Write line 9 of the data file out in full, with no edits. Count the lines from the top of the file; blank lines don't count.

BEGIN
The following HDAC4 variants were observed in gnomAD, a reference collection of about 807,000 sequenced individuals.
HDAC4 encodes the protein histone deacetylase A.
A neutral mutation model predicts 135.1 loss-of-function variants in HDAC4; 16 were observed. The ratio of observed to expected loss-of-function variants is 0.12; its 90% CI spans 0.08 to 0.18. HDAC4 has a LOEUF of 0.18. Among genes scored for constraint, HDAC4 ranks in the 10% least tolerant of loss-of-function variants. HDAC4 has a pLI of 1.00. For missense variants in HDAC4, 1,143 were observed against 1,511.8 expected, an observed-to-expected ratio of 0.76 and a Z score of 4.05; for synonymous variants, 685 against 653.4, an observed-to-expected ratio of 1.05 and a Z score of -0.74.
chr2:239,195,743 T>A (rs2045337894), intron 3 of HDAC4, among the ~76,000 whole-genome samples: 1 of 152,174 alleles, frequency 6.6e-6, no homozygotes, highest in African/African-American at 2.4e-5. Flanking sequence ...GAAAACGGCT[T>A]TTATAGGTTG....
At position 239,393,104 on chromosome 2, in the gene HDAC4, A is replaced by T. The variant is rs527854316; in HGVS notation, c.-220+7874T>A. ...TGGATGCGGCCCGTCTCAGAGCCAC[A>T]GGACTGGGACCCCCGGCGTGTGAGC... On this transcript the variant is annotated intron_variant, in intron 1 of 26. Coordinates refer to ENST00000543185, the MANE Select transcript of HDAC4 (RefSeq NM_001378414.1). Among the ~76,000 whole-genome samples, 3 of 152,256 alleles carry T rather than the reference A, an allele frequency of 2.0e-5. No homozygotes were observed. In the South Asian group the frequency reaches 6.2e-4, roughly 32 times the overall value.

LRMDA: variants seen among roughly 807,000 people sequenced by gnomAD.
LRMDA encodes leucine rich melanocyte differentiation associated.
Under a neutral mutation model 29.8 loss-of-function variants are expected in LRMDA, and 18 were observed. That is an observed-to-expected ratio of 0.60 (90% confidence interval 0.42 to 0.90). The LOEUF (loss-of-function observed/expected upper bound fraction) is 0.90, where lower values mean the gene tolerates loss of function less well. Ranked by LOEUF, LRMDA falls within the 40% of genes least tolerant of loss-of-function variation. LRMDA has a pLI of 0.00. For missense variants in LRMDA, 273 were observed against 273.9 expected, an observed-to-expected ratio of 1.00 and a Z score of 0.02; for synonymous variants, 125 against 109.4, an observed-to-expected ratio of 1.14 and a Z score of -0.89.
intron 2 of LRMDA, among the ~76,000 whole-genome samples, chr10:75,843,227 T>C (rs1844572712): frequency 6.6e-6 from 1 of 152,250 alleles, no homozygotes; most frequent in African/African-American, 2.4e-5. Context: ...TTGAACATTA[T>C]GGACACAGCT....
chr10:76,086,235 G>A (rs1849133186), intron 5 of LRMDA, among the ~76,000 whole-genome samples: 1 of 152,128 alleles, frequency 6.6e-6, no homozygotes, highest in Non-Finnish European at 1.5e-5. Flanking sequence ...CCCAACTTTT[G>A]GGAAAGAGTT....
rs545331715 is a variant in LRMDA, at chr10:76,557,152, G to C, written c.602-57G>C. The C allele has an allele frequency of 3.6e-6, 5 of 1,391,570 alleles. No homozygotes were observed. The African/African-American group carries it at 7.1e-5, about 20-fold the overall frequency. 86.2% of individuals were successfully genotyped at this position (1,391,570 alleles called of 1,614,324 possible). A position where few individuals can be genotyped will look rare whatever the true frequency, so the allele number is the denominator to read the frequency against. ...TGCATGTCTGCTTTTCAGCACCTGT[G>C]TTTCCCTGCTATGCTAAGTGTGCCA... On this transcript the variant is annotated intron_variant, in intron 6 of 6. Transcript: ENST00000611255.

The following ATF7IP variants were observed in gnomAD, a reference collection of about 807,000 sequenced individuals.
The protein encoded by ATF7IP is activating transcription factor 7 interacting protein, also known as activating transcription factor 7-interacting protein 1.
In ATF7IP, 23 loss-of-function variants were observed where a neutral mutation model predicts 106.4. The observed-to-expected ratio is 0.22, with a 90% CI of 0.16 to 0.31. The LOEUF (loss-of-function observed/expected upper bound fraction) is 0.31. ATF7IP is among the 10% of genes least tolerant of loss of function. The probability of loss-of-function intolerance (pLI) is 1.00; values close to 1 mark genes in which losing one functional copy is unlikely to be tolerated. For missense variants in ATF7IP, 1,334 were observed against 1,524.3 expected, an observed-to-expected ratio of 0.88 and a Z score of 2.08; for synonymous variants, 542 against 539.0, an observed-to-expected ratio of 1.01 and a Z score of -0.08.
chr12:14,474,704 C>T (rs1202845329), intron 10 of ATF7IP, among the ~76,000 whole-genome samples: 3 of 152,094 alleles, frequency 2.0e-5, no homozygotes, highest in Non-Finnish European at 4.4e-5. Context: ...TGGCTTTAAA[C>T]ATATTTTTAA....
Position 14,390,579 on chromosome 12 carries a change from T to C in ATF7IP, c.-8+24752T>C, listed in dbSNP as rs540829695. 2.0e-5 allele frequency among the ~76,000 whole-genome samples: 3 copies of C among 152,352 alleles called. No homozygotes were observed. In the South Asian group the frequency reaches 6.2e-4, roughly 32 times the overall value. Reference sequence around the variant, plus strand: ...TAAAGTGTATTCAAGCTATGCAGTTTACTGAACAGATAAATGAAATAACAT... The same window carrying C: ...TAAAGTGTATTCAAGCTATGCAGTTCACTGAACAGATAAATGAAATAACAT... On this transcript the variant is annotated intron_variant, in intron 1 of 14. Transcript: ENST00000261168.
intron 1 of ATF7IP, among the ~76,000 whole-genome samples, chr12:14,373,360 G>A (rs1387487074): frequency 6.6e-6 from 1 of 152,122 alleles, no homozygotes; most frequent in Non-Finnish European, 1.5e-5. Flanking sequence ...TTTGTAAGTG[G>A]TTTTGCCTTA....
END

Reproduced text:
intron 2 of LRMDA, among the ~76,000 whole-genome samples, chr10:75,843,227 T>C (rs1844572712): frequency 6.6e-6 from 1 of 152,250 alleles, no homozygotes; most frequent in African/African-American, 2.4e-5. Context: ...TTGAACATTA[T>C]GGACACAGCT....